It should come as no surprise that the left has tried to use the coronavirus outbreak as evidence that the U.S. should adopt Medicare for All. But the data suggest the opposite. The U.S. is doing much better with the virus than those supposedly more enlightened countries.
If you follow the mainstream media/Democratic narrative, the pandemic has laid bare the weaknesses of the U.S. health care system.
Sarah Collins of the Commonwealth Fund, a liberal health care organization, claimed that “We are much more vulnerable to the kinds of spread of illness…. because so many people don’t have health insurance coverage in the United States. About 30 million people are currently uninsured.”
Medicare for All’s chief architect, socialist Democrat Bernie Sanders, says that “Our country is at a severe disadvantage compared to every other major country on earth because we do not guarantee health care to all people as a right.”
The left-wing “explanatory” news site Vox.com said that: “High health care costs and low medical capacity made the US uniquely vulnerable to the coronavirus.”
“Everyone working in this space would agree that no matter how you measure it, the US is far behind on this,” Jen Kates, director of global health and HIV policy at the Kaiser Family Foundation, told Vox.com.
But we actually have a way to compare how various countries have been dealing with the coronavirus. We can compare death rates from the virus, and deaths as a share of total population and contagion rates.
What do we find?
Nothing that those “experts” claim is true.
As of Thursday morning, the death rate from confirmed cases of COVID-19 in the U.S. is 1.45%, based on data provided by Worldometer.info. That’s well below the global average of 4.5%.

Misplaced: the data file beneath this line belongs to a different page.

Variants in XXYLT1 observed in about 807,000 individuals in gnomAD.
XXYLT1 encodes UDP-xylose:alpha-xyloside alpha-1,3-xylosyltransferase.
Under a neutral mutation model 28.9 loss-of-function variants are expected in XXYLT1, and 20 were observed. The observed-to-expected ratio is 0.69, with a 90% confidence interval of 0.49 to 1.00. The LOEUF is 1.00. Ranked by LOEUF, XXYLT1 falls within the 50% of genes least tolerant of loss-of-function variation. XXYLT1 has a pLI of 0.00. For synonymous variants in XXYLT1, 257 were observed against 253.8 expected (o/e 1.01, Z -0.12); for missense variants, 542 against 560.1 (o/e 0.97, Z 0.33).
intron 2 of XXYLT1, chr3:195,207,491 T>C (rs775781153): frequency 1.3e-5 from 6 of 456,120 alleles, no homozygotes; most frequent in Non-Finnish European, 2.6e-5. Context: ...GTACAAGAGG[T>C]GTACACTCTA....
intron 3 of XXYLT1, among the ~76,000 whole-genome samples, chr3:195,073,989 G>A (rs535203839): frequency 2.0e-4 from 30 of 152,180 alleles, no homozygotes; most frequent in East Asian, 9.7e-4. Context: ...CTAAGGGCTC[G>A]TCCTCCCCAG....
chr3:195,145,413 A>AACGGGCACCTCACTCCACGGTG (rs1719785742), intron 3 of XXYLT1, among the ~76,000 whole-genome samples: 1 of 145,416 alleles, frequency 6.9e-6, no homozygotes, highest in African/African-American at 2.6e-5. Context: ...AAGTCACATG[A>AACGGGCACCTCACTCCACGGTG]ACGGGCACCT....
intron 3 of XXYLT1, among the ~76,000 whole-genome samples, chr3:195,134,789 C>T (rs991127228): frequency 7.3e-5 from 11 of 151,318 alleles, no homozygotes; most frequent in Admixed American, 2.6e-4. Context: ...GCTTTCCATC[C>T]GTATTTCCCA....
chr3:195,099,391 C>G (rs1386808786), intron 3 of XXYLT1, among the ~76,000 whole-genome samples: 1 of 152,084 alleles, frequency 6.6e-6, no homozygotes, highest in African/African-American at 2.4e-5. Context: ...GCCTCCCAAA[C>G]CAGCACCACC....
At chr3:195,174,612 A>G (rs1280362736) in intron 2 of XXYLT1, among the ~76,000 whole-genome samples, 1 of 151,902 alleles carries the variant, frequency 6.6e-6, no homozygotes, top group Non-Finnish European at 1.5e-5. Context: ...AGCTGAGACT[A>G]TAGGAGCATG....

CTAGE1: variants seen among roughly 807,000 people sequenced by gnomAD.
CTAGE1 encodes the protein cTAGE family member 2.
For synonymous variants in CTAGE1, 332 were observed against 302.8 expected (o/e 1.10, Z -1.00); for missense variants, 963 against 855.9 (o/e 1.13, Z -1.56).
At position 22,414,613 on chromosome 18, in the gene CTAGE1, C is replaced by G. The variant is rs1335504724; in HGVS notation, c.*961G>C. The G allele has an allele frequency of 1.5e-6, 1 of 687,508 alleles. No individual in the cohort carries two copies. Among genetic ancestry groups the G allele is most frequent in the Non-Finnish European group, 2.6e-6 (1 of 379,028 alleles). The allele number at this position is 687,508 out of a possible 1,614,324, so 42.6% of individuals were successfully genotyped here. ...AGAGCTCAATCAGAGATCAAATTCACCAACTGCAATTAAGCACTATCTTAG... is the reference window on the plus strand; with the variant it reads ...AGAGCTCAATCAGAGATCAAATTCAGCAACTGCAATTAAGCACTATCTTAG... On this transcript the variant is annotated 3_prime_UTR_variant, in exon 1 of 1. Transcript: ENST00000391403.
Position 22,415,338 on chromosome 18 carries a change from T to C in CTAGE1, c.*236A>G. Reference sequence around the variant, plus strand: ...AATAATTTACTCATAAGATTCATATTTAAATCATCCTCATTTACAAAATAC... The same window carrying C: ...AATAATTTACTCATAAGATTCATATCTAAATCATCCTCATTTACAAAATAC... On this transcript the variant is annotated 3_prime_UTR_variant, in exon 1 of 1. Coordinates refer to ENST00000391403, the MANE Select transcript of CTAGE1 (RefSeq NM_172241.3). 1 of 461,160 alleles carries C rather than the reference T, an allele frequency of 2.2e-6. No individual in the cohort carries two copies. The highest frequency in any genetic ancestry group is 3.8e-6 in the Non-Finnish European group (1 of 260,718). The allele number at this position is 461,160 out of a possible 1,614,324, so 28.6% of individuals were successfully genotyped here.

In the UK, which has the health care system of Bernie Sanders’ dreams, the death rate is almost 5%.
It’s higher than the U.S. in the Netherlands, in Sweden, in Denmark, in Switzerland.
In Italy, another country that “guarantees” health care as a right, the death rate is 10%. It’s 4% in communist China (assuming one can believe their numbers).
Admittedly, deaths per confirmed case can be biased by how confirmed cases get counted.
So what about deaths as a share of the total population? Here again, the U.S. health care system is performing better.
So far, there have been 0.33 deaths for every 100,000 Americans.
In the UK, the death rate is 0.7 per 100,000. In the Netherlands, it’s 2.5. In France, 2.0. In Sweden and Denmark, 0.7. In Switzerland, it’s 2. In Italy, the death rate is 13.6 per 100,000 people.
How about preventing the spread of the disease? Sanders and company claim that countries with universal health care will do a better job because people will get the medical attention they need without having to worry about costs.
But the U.S. outperforms most of these countries.
As of Thursday morning, there have been 22.8 confirmed cases for every 100,000 people in the U.S., but 43 in the Netherlands, 38 in France, 32 in Denmark, 135 in Switzerland.
Then there’s the claim that the U.S. was ill-prepared to deal with a pandemic.
That isn’t true either.
A report out late last year by the Nuclear Threat Initiative and the Johns Hopkins Center for Health Security found that the U.S. was better prepared for a pandemic than any of the other 195 countries it examined.
Out of a possible 100, the U.S. scored 83.5. The next closest was the UK at 77.9. Canada, another country touted by Medicare for All devotees, scored a 75.3.
The mantra among socialized medicine advocates is that the U.S. spends more for health care but delivers lower quality than other industrialized nations. The experience with the coronavirus is showing that the last thing we should do is import health care systems from abroad.
— Written by John Merline